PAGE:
I may have been mistaken re: PD… I wonder if that is a recent (last 5 years) development… I acknowledge I may have been mistaken on that part… I stand by the balance of my comments.

      Oh, and your evidence/citation?

      I note your capitilization of my moniker… truly a Pugilist?

      1. The Pugilist

        Go to their website and you’ll see they are statewide and Yolo County is in Region 6.

        Nothing meant by the capitalization of your moniker.

        1. hpierce

          I stand (actually, sitting) corrected as to DPOA… I stand by my comments as to non -PS employees… thank you for helping me in my continuing education… Honestly, your cite was news to me… thought I ‘knew’, and apparently was wrong.

  12. Frankly

    the city’s needs of about $655 million over a 20-year period.

    Simple math… this is $37.25 million per year.

    Now much of that is the backlog of deferred maintenance of prior years of too little revenue and too much spending on city labor.

    Using previous developed reasonable estimate of $5MM per year of revenue per 200 acres of commercial development, 1000 acres of new peripheral innovation parks with some retail and hotel business would bring in another $25MM per year.  The remaining $12.25 million can come from a combination of city employee cost reductions and a temporary extension and increase of the city sales tax.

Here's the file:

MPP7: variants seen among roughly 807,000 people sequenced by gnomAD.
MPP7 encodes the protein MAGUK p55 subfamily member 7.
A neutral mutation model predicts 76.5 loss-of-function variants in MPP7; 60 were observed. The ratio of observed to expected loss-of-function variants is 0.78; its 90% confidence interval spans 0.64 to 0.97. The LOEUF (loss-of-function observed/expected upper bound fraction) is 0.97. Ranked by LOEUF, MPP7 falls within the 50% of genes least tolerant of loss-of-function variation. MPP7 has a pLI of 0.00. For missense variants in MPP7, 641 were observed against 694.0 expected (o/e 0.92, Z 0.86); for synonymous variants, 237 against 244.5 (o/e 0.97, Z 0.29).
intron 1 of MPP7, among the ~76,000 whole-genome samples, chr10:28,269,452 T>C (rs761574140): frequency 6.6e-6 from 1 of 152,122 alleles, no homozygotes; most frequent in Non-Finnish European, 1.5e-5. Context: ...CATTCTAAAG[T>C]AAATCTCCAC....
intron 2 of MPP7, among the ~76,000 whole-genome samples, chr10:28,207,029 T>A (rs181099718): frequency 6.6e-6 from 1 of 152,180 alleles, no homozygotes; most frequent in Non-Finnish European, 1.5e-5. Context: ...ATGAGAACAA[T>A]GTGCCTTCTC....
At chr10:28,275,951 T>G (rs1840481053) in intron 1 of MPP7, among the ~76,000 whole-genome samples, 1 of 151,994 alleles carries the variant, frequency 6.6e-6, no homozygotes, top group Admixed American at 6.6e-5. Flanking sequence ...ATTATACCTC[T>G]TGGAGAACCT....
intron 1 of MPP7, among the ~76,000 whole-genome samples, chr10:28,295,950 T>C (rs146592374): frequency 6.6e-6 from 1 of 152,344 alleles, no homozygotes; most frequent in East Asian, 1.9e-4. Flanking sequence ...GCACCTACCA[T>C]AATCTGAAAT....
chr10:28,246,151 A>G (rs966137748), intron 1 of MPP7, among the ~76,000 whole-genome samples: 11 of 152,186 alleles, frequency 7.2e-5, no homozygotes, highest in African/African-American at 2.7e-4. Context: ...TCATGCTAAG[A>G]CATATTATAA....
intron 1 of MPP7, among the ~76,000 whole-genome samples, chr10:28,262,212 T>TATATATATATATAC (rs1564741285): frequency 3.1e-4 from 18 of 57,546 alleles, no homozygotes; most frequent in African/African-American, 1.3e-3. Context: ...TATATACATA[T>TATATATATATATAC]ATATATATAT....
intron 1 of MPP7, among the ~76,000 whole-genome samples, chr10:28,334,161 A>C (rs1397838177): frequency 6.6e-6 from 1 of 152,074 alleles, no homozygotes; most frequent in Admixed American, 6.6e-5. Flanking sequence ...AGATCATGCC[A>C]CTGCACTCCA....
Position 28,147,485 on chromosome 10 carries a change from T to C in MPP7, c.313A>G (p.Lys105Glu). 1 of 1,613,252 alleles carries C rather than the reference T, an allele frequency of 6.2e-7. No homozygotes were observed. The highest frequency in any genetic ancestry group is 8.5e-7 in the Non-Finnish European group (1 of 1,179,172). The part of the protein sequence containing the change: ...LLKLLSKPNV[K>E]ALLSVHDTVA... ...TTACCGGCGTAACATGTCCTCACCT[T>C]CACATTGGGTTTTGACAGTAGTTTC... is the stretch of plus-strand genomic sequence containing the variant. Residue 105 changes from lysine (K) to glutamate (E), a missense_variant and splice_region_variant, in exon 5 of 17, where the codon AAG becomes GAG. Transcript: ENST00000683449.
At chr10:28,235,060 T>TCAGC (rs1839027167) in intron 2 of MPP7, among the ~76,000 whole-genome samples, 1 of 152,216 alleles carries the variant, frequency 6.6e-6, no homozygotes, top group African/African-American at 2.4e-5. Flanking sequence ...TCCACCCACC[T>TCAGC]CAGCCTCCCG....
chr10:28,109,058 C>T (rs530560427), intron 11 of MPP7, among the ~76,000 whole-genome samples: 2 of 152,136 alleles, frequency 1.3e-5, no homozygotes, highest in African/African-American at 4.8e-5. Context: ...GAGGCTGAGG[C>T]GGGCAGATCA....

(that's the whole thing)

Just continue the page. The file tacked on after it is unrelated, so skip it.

Problem solved.

    1. David Greenwald

      “Simple math… this is $37.25 million per year.”

      Unless you are calculating using a different math than me, $37.25 million times 20 is $755 million.

      1. Frankly

        Ha!.  I guess VERY simple math… after dinner and three margaritas.  Actually a typo that led me astray… $32.75 per year.  Which means (after the net $5MM per year from the new 1000 acres of commerical development… which btw only adds another 1.5 square miles to Davis… an already hyper-dense small city of 10 square miles) that the amount we would need to cut from city labor spending is only $7.25MM.

        1. hpierce

          Nice… with about 375 employees, $7.5 MM , that’s an AVERAGE reduction in compensation of $20,000/ yr.   One way that could be done is to eliminate any City contribution to healthcare, and a modest salary decrease.

          If you want to protect the lower paid staff, then the higher compensated folk could take a much more significant cut.